However one characterizes BDS, what we witness in the CSU behaviour is not a program of converting hatred of Jews to love for the neighbours of Jews in Israel, but, at best, a defensive and preventive posture of self-protection and an aggressive stance against the alleged former perpetrators of the hatred against Jews in the form of a specific form of antisemitism. Clearly, rejecting hatred in this case did not lead to an increased fostering of love of other, though it might be correlated with increased love and respect for oneself. But then the biblical homily would have instructed us to “Love oneself and hate one’s enemy.”

In another case in the news this morning, the headline read, “Ontario Government Pulls Ads from Antisemitic Newspaper.” E Nazih Khatatba’s editorial in the 16 April 2021 edition of al-Meshwar accused B’nai Brith of “economic terrorism” and “creating sedition and civil wars.” The Government of Ontario cancelled its advertisements in the newspaper which B’nai Brith documented had a long history of anti-Jewish incitement. In response, the Government ceased placing COVID-19 safety ads in al-Meshwar.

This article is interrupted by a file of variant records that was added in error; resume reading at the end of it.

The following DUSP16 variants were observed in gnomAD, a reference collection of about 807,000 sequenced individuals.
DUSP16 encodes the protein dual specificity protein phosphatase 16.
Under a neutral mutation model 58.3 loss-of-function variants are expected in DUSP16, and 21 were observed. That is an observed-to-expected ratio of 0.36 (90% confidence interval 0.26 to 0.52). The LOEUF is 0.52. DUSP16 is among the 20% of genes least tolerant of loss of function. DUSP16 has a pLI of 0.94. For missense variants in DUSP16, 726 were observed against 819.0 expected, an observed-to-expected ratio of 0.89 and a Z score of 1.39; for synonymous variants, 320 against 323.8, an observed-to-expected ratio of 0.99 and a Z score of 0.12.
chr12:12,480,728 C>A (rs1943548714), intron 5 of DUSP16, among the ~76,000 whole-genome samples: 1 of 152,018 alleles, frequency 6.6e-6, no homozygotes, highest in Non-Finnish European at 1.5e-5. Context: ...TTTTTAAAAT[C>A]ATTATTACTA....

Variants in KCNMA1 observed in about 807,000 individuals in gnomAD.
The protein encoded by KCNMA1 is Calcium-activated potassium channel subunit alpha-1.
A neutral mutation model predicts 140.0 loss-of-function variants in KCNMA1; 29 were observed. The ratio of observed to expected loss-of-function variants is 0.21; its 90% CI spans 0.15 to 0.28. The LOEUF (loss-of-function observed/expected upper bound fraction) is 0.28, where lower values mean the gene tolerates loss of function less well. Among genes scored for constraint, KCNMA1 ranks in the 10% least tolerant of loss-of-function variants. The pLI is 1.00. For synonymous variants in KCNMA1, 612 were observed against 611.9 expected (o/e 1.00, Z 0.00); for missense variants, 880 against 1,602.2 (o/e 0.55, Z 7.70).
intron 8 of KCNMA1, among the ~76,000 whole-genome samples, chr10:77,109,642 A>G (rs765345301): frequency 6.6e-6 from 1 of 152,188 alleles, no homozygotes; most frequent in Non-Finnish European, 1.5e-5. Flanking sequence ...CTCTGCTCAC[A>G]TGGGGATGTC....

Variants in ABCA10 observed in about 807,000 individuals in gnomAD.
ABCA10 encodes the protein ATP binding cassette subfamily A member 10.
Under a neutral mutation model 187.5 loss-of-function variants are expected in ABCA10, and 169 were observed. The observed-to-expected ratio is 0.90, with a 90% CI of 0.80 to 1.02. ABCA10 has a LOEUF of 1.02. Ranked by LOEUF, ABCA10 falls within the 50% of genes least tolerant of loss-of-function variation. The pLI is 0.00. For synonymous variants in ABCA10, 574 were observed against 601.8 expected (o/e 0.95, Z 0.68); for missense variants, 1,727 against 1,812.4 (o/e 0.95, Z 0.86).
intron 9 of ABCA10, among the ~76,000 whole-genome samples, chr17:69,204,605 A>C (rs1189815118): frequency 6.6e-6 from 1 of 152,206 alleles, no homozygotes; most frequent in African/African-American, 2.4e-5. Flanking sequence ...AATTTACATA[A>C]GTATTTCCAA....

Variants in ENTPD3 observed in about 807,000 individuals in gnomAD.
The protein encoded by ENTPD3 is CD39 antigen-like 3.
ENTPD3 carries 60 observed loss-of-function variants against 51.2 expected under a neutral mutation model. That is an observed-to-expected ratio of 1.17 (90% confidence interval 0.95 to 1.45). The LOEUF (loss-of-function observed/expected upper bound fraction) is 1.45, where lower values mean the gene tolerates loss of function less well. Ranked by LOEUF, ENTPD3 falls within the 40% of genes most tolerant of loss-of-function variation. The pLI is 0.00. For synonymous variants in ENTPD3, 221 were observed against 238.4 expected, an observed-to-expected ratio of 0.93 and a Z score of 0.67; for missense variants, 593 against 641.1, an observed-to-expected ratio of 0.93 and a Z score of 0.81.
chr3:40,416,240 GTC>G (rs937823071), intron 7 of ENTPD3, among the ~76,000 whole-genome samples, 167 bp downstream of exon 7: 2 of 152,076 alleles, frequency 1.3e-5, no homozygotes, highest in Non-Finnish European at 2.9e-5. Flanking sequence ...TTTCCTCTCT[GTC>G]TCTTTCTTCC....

Editorials equated the Holocaust with “the continuous Palestinian Nakba Holocaust.” At the same time, B’nai Brith was blamed for “creating sedition and civil wars, not just in Palestine, but throughout the Middle East.” In the current disputes over defining antisemitism, all parties in the dispute would characterize this as antisemitism. Comparing the Nakba to the Holocaust is defined as antisemitic since the two events have no valid comparison. Deliberately murdering six million just because they are Jews is not comparable to encouraging and even forcing some of the 720,000 Palestinian Israelis to flee in 1948 when Israel was attacked by five Arab armies. Israel has been called “the Auschwitz State,” a clear example of an antisemitic utterance in all three definitions of antisemitism in contention.

What comes out of the identification of this antisemitic form of hatred? Certainly not love of these our Canadian neighbours. Instead, there is a campaign underway to deprive the newspaper of advertising support. There is an implicit commitment to make an effort to offer protection in future to Jewish Canadians from such libellous assaults. This is similar to the Concordia case but without shifting the hatred to another target by a type of misrepresentation.